High Tech Lighting Solutions for High Rise Living

Randall Whitehead
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Custom adjustable picture lights by Phoenix Day Company subtly offer additional illumination for the paintings by Marianne Kolb. The box beams visually float down from the ceiling to allow indirect light for the room

As more people select high-rise living in cities across the country, they are facing the tremendous challenge of how to get lighting where they want it, when the construction is primarily concrete. Often they are given a few junction boxes from which to draw power for their lighting needs. Sometimes they don’t even have that.

For example, the dining room in this luxurious 52nd story condominium at the Millennium Tower in San Francisco had little for the lighting designer, Randall Whitehead and interior designer, Michael Merrill to work with. Even though they had ten foot ceilings there wasn’t even a junction box in the ceiling for a power source.

The two designers worked together to come up with a solution that provided both ambient light and accent light for the space. They decided on the concept of fabricating of a series of box beams. The only power source they had to work with was a power feed for motor controlled blinds located in the upper corner of one wall near the ceiling line. A soffit was created along the wall to allow power to be run seamlessly from one beam to the next. The new soffit also helped balance the boxed-in HVAC ducting on the opposite wall.

Two stone figures from the Philippines draw focus towards the view of downtown San Francisco. The richly colored wall help minimize the reflections in the glass. White walls would have obstructed the view.

The beams are open at the top and float down from the ceiling six inches. This space allows two parallel runs of LED strip lighting by Edge Lighting to bounce illumination off the ceiling. This adds a layer of gentle fill light for the space, softening the shadows in the room and gently drawing visual attention to the high ceiling. Normal beams, installed flush to the ceiling, would have made the ceiling feel lower.

These beams also house recessed adjustable low voltage fixtures made by Lucifer Lighting that provide focus for the art, art objects and the table settings. These luminaires are using dimmable LED MR16 lamps, available through Focus Industries. The warm color temperature of both of these sources gives the feel of incandescent light from an energy efficient, low maintenance source.

The two paintings by Marianne Kolb were further enhanced with a pair of custom picture lights fabricated by Phoenix Day Company. The electrical contractor, Schulkamp Electric, used a radio controlled dimming system by Lutron to dim the lighting. Whitehead notes the lighting strategies that help complete the look of the room: ” Silver Candelabras by George Jensen from the 1930’s and a table lamp create the illusion of providing the room’s illumination. Recesses adjustable fixtures help to highlight the table setting and console.”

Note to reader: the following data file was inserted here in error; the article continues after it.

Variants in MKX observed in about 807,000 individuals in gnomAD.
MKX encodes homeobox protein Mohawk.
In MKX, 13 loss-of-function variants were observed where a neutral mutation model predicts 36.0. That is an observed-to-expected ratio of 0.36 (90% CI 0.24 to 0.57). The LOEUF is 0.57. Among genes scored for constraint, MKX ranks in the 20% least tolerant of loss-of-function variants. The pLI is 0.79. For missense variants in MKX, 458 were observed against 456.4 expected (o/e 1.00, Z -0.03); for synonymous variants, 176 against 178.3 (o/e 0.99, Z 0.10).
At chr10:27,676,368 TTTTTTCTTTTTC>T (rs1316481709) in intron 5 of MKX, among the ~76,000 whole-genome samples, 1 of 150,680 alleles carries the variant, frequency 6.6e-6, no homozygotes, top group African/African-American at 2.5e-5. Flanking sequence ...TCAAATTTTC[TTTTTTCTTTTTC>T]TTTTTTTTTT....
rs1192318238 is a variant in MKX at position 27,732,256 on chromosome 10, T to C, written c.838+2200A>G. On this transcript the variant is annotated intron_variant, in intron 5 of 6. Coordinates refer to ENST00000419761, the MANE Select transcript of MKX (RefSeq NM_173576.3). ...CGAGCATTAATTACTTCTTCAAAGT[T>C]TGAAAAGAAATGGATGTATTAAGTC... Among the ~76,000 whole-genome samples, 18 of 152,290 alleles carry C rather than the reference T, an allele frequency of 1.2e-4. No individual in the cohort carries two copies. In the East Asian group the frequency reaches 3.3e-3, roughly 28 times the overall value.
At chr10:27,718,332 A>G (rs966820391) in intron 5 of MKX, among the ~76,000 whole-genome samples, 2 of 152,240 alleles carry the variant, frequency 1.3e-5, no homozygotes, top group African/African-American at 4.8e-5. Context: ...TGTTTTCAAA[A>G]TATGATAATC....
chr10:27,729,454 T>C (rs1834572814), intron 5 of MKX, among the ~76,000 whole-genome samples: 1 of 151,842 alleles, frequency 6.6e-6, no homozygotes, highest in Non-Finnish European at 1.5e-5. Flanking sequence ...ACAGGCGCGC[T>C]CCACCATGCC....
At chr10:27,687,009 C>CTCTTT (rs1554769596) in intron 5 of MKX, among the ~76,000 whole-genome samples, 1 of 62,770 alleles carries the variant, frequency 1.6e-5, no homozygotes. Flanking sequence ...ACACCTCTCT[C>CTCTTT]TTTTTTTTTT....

The end result is both architectural and subtly alluring. Guests are drawn into the room by the juxtaposition of the modern art and antiques. The illusion is that that the candles are creating the ambience, while in fact it is the well integrated lighting that paints the room with lush illumination.

by Randall Whitehead, IALD, Contributing Editor

Credits:

Lighting Design: Randall Whitehead IALD, Randall Whitehead Lighting Inc

Interior Design: Michael Merrill ASID, Michael Merrill Design Studio

General Contractor: Muratore Corporation

Electrical Contractor: Schulkamp Electric

4 Comments

  1. Frederick Merrill February 26, 2010 6:42 pm

    I loved reading the article and how you solved a serious lighting problem and created so much drama to the space, yet to the untrained eye you made it appear seamless & simple.
    Congratulations on such a superb job, not only the lighting but the entire space!

  2. zaklady bukmacherskie September 6, 2010 10:15 am

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  3. Dianne February 3, 2011 12:03 pm

    Agreed, dramatic and beautiful. Any ideas on working with an 8′ concrete condo ceiling? I was considering small bulkheads and low profile LED lamping, but an not convinced that LED is the best light for artwork. Anyone?

  4. Randall Whitehead February 25, 2011 8:26 pm

    Hey Dianne,

    In condos with 8 foot ceilings we have used pre-made box beams, fitted flush to the ceiling, to run wiring and house recessed fixtures and pendants. Take a look http://www.fauxwoodbeams.com. You can create parallel beams or a coffered ceiling.

    We then install low voltage remodel cans such as the Halo H1499-RT-1420. The contractor just cuts a 4″ diameter holes in the underside of the beams, using a hole saw.

    These fixtures take halogen MR16s, but you can also use LED MR16s as well. A good LED MR16 to try out is the Lumiselect MR16 PRO Warm White (www.lumiselect.com).

    Best of luck in your project.

    Randall

    http://rdw@randallwhitehead.com

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